It's Fair Trade - prison-themed cafe planned to employ ex-cons
Dublin is set to get a prison-themed cafe - staffed by ex-convicts.
The enterprise will be located in the vacant former waiting room of St Patrick's Institution in the Mountjoy complex.
It is planned that the cafe will be staffed by ex-prisoners, people on probation sanctions and those who have had difficulty securing work due to their criminal record.
Current prisoners will also be offered work placement training opportunities by the operator under terms set out by the Irish Prison Service (IPS).
The cafe will display prison memorabilia which will be made available from the Mountjoy Prison Museum to "maintain links to the prison" and "retain a prison theme in the facility".
The IPS is asking social enterprises to take part in a "sounding" activity in a bid to determine interest in running the cafe. In a tender document published this week, the IPS said the facility will be provided to a successful applicant free of charge.
But they will be expected to cover the refurbishment and fit-out costs of transforming the waiting area into a cafe.
At least 30pc of the staff at the cafe must be people with criminal convictions, but it is preferred that this figure would be higher.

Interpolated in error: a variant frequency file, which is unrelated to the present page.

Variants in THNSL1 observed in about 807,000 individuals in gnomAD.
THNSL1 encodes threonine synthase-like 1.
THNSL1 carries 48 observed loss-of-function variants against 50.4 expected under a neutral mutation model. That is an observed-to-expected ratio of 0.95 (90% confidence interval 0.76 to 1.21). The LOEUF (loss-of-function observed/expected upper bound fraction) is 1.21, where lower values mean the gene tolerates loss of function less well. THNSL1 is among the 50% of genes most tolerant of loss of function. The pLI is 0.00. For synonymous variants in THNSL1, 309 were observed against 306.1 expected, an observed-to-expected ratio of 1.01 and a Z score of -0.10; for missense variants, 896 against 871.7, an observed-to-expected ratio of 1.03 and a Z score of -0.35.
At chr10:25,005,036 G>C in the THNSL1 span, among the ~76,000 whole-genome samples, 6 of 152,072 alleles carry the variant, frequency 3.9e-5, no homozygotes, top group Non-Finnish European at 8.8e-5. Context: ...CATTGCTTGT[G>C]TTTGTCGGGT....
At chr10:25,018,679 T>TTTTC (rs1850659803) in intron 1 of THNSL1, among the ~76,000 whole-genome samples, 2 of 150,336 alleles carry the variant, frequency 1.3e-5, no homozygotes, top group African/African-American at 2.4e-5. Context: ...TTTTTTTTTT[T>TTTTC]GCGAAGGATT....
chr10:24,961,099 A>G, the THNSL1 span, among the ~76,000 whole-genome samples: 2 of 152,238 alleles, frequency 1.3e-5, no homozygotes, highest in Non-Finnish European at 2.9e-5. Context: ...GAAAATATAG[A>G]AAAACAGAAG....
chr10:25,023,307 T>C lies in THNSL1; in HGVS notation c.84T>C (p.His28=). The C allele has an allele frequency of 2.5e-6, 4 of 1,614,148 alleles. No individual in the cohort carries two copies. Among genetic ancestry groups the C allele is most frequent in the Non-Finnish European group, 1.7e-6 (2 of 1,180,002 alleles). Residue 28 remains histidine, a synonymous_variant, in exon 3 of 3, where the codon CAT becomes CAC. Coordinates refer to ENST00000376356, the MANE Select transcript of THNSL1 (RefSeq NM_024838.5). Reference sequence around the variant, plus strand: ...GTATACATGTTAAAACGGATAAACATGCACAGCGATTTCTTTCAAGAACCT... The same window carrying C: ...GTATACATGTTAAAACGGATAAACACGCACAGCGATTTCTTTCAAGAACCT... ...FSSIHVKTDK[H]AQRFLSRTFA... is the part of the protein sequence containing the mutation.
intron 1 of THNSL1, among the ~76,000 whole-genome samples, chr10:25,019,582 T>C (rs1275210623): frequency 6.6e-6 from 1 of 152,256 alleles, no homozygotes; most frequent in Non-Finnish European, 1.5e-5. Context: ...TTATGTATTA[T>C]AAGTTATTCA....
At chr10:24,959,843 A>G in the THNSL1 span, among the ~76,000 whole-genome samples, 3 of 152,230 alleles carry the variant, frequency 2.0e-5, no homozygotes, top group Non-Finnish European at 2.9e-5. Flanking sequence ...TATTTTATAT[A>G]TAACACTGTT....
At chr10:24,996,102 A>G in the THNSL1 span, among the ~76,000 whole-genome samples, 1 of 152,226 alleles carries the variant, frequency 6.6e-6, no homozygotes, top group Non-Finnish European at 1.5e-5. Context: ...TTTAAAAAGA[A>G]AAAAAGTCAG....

Employees would be paid at least minimum wage, but the living wage is the preferred rate of pay.
Its operators will be expected to provide a continuous professional development plan which will build on the previous training undertaken in prison education centres and catering facilities.
The governor of Mountjoy will be the key point of contact for troubleshooting.
A spokesman for the IPS said each person will be risk assessed to determine if they are suitable for employment in the cafe.
A person who has "successfully dealt with violent behaviour should be looked at as they are now and not where they have been in the past" he said.
The sounding exercise is to "get a clear understanding of the level of interest in the proposed cafe".
The initiative is being developed in line with the Department of Justice's Social Enterprise Strategy A New Way Forward, which looks at ways in which to drive social enterprise employment of people with criminal convictions.
Earlier this year, the department launched another initiative under the strategy which made €300,000 available under the Kickstart programme, to give grants of up to €30,000 to organisations providing employment to former offenders and people leaving prison.
The department noted at that time that "while social enterprise is a new and alternative approach to reducing recidivism in Ireland, statistics from the UK indicate that 95pc of ex-offenders who work in a social enterprise do not re-offend".